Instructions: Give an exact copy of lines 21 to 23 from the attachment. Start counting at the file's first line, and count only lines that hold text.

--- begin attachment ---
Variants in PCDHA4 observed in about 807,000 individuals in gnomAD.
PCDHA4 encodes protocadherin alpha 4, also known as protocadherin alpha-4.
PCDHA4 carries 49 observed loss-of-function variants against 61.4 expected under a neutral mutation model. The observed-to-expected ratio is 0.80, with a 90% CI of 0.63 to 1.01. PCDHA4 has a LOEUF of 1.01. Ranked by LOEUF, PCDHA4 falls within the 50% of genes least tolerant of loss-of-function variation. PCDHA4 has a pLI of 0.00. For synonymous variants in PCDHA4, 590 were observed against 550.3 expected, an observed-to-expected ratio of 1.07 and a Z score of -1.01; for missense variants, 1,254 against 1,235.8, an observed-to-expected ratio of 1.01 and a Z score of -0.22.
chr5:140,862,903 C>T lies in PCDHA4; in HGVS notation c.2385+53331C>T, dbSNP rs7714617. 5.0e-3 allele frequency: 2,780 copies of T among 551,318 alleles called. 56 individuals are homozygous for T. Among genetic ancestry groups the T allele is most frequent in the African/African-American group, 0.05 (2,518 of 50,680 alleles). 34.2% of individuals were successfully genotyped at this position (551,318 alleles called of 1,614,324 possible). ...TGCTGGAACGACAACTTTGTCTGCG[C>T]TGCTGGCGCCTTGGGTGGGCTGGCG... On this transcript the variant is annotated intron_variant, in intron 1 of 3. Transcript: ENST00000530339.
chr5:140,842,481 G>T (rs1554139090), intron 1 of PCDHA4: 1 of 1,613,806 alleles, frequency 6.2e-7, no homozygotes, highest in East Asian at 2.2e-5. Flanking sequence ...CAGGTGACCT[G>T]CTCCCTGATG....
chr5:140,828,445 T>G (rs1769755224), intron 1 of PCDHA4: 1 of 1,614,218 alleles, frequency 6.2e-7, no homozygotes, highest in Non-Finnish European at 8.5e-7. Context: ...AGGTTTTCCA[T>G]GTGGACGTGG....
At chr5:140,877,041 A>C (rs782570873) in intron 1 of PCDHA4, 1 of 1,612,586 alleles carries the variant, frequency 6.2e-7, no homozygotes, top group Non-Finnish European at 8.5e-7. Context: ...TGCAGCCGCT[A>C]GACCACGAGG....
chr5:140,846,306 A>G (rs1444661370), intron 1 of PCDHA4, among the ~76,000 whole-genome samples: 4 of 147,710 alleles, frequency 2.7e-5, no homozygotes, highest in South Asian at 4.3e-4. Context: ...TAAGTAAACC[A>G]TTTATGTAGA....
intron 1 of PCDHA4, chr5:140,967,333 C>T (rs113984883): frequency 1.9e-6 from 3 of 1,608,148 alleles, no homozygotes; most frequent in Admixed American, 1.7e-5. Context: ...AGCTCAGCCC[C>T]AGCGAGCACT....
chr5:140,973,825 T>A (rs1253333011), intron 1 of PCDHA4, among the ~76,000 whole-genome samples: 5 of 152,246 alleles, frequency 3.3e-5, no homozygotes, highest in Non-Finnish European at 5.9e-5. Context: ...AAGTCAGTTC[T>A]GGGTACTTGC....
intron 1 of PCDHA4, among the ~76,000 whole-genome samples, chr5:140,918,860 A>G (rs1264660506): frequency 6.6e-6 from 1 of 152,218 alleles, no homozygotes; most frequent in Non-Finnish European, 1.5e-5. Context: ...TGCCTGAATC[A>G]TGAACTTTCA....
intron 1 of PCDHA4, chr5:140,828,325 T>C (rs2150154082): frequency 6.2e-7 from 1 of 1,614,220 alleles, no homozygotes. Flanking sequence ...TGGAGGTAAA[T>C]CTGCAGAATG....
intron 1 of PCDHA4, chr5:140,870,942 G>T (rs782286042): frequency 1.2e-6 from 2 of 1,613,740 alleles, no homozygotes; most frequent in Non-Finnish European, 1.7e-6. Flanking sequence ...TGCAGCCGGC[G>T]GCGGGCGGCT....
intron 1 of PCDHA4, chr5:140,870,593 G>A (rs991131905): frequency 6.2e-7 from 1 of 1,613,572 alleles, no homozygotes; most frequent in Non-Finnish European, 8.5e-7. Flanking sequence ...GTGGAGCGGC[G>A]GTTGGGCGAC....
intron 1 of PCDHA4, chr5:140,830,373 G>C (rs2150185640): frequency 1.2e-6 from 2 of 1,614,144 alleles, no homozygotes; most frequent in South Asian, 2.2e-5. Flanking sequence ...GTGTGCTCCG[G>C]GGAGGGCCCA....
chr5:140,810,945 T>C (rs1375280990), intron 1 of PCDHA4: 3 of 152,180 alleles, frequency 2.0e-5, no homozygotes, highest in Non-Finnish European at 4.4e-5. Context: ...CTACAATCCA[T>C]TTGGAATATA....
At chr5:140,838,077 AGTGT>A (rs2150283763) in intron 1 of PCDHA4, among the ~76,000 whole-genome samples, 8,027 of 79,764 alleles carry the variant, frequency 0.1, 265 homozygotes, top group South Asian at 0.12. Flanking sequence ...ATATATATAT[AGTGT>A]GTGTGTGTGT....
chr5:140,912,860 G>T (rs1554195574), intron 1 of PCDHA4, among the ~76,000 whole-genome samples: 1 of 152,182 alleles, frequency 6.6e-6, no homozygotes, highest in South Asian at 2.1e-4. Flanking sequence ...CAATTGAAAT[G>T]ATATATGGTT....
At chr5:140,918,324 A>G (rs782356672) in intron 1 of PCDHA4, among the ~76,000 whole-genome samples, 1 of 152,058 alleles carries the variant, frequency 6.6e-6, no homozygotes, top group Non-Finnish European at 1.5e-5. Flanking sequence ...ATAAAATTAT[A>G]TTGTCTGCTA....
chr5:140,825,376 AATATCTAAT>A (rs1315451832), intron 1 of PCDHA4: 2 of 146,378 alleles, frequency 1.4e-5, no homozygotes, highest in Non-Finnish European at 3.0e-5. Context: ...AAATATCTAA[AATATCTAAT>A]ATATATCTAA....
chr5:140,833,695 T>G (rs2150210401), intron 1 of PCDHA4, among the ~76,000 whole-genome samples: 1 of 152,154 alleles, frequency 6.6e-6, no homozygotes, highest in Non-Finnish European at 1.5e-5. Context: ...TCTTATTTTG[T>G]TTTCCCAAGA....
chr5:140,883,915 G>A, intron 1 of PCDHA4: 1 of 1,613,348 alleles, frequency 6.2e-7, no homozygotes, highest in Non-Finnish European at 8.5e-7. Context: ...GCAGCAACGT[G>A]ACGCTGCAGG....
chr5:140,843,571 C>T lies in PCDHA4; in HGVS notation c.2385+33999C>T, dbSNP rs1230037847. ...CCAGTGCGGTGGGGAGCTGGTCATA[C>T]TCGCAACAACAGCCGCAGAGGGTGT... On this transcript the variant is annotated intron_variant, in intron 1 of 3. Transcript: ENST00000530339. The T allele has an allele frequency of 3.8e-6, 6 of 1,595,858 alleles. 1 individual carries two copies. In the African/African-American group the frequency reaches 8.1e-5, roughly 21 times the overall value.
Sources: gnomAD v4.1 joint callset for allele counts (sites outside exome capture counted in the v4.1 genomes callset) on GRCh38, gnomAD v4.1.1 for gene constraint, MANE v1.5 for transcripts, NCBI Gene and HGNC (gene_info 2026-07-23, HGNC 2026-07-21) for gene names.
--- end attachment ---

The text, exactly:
chr5:140,833,695 T>G (rs2150210401), intron 1 of PCDHA4, among the ~76,000 whole-genome samples: 1 of 152,154 alleles, frequency 6.6e-6, no homozygotes, highest in Non-Finnish European at 1.5e-5. Context: ...TCTTATTTTG[T>G]TTTCCCAAGA....
chr5:140,883,915 G>A, intron 1 of PCDHA4: 1 of 1,613,348 alleles, frequency 6.2e-7, no homozygotes, highest in Non-Finnish European at 8.5e-7. Context: ...GCAGCAACGT[G>A]ACGCTGCAGG....
chr5:140,843,571 C>T lies in PCDHA4; in HGVS notation c.2385+33999C>T, dbSNP rs1230037847. ...CCAGTGCGGTGGGGAGCTGGTCATA[C>T]TCGCAACAACAGCCGCAGAGGGTGT... On this transcript the variant is annotated intron_variant, in intron 1 of 3. Transcript: ENST00000530339. The T allele has an allele frequency of 3.8e-6, 6 of 1,595,858 alleles. 1 individual carries two copies. In the African/African-American group the frequency reaches 8.1e-5, roughly 21 times the overall value.